According to the invention, in order to effect synchronization between a Base Station and its neighboring Base Stations, every Kth hop 290′ is a “synchronization” hop that is transmitted with increased power P1. P1 is suitably substantially (e.g., 2–10 times) greater than P0. In the case that the transmitter changes the transmission frequency in each hop, every Kth (synchronization) hop will also be transmitted at a different frequency.
Alternatively, it is within the scope of the invention that a variable time interval (Tp) is provided between the synchronization hops 290′ that are transmitted with high power P1. For example a changing K (that shall be denoted by K(n), i.e. K for hop number ‘n’), can be generated by a pseudo random sequence such as a maximal length shift register sequence. Pseudo random sequences are well known for use in communication systems.
In the case that a beacon transmitter (e.g., 299) is used (in addition to signals received from the Base Station and handset) to synchronize the Base Stations (see, e.g.,
As described hereinabove with respect to
From the rough estimate of the TOD output by the TOD counter and the device address (“Commonly denoted by Media Access Control Address, or MAC address”,), a frequency-hopping list is generated by a frequency-hopping generator 304 and supplied to an emulator 307 which emulates the output of the receiver 305. In a window with size of 2·Tu, a single frequency from the hopping sequence is chosen, and the receiver 305 will wait on this frequency for duration of 2·Tu. Once in a period of 2·Tu, the receiver 305 will switch frequency, in response to a signal generated by the frequency-hopping generator 304. Opening an acquisition window of 2·Tu ensures that during this time duration the receiver 305 will capture at least one hop. A correlator/detector 308 receives the receiver's output (e.g. a base-band or intermediate frequency signal) and an emulation 307 of the signal that should appear at the receiver's output. The output of the receiver 305 can be emulated, since a rough estimate of the TOD is available, and also from the hopping frequency list, and the receiver frequency list. The emulator 307 continuously checks for a match between receiver frequency and the hopping frequency and, when it finds a match, it reports the frequency and the time (rough TOD) to the correlator/detector 308. By comparing the actual received signal with the emulation that is based on the rough TOD, the correlator 308 computes (and outputs) a fine estimate of the TOD offset (i.e., the error between the TOD estimate and the actual TOD), and provides this to Adder 309, which also receives the rough TOD estimate from the TOD counter 303 and generates a signal (“Fine TOD”) indicative of the actual TOD. Correlator-based time offset measurement is a standard estimation method that is described in many textbooks, and an example of its implementation is described in greater detail hereinbelow.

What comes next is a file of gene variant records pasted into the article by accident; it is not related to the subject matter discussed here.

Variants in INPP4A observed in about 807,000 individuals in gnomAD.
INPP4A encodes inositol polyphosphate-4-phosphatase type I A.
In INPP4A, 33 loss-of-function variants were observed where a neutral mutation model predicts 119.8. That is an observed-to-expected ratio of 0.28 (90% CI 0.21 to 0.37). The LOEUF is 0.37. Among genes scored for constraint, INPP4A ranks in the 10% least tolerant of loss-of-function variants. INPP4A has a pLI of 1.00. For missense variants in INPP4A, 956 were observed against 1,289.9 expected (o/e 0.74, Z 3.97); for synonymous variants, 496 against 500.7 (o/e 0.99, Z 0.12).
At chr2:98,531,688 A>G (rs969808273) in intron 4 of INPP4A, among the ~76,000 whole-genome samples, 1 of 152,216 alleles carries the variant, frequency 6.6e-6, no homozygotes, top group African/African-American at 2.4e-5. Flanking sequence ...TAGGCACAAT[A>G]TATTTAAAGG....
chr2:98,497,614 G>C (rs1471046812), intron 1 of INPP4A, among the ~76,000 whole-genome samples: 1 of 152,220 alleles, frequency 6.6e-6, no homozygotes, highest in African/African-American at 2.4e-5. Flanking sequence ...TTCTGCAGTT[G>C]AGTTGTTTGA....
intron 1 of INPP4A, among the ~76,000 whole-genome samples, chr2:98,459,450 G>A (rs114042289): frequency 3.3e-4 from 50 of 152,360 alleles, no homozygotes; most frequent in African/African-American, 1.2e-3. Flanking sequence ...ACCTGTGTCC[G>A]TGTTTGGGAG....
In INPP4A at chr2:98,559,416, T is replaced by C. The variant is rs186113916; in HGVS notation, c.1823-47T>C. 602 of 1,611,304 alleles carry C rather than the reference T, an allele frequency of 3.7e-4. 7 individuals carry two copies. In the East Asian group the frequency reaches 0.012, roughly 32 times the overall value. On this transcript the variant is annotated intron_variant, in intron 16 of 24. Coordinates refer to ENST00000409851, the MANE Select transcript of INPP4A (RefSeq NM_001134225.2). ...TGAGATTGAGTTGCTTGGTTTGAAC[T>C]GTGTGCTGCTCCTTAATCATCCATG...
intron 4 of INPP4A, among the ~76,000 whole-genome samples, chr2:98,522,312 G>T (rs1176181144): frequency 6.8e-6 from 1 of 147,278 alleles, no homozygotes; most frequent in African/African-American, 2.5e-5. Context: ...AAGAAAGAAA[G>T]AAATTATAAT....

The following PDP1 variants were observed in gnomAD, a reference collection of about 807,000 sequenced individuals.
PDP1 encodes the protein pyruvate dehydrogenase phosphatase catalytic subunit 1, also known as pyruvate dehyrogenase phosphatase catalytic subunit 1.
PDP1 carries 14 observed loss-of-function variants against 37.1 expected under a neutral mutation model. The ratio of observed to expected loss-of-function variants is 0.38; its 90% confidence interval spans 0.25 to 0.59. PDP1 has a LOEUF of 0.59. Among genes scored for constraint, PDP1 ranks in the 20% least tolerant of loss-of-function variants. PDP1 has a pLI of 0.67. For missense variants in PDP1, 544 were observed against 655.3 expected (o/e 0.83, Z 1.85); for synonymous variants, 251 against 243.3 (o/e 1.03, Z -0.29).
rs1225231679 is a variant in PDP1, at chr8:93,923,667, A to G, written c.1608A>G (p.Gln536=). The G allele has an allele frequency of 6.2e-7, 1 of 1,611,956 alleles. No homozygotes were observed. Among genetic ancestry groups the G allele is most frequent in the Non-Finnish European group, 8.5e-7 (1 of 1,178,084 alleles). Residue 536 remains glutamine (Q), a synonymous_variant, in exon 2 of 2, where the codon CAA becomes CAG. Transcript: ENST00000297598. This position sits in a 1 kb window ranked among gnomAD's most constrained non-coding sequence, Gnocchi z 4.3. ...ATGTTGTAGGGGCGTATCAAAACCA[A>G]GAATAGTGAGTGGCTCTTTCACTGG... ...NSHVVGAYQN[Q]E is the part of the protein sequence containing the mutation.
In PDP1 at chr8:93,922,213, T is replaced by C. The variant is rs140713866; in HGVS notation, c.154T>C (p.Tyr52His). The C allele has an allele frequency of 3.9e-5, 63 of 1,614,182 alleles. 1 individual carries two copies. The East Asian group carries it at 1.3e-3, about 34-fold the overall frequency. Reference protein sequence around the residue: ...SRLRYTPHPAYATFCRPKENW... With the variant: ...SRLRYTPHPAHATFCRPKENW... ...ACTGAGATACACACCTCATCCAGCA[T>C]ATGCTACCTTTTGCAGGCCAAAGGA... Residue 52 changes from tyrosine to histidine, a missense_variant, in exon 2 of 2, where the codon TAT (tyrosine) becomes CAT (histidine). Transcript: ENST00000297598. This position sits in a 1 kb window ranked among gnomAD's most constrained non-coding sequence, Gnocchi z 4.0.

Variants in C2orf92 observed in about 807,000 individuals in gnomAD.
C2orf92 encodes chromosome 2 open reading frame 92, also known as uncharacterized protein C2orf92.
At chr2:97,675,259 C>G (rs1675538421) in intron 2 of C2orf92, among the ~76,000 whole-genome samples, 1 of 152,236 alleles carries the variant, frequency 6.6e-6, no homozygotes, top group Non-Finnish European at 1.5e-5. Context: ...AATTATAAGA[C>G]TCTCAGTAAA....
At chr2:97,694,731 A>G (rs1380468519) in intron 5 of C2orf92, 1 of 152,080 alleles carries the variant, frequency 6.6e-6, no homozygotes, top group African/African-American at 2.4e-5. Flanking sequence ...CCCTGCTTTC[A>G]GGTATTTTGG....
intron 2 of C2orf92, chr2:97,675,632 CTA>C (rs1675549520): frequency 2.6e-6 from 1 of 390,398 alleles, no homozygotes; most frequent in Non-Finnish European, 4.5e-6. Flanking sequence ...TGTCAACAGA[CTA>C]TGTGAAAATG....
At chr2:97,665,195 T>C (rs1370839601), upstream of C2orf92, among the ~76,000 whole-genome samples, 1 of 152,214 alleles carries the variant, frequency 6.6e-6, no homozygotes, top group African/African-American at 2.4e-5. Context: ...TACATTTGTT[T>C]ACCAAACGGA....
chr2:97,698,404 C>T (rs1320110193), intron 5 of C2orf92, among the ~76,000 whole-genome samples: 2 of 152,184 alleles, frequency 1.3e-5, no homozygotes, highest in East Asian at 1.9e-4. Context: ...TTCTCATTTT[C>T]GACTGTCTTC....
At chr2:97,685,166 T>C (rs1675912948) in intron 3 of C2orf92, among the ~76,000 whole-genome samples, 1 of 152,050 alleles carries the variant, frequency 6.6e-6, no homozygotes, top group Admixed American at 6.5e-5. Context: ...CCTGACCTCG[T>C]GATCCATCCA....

Since the Base Station to which the call is to be handed “knows” which call it is going to receive, and it has received the call parameter (via the LAN), and is able to accurately estimate the TOD, it will be able to perform a seamless handoff, transmitting substantially exactly as the Base Station that the handset is about to leave. As mentioned above, an iteration of the low-level protocol (e.g., 281′) can be prepared at the receiving Base Station in anticipation of the handoff.
The higher-level protocols are run at the Switch, and are therefore “ignorant” of the handoff processes. At the Switch the “call routing task” 282 (
The following information is included in the Connections Table:
The messages that the high-level protocol (that runs on the Switch) and the low-level protocol (that runs on the Base Station), send each other have the following format:
1) Message Header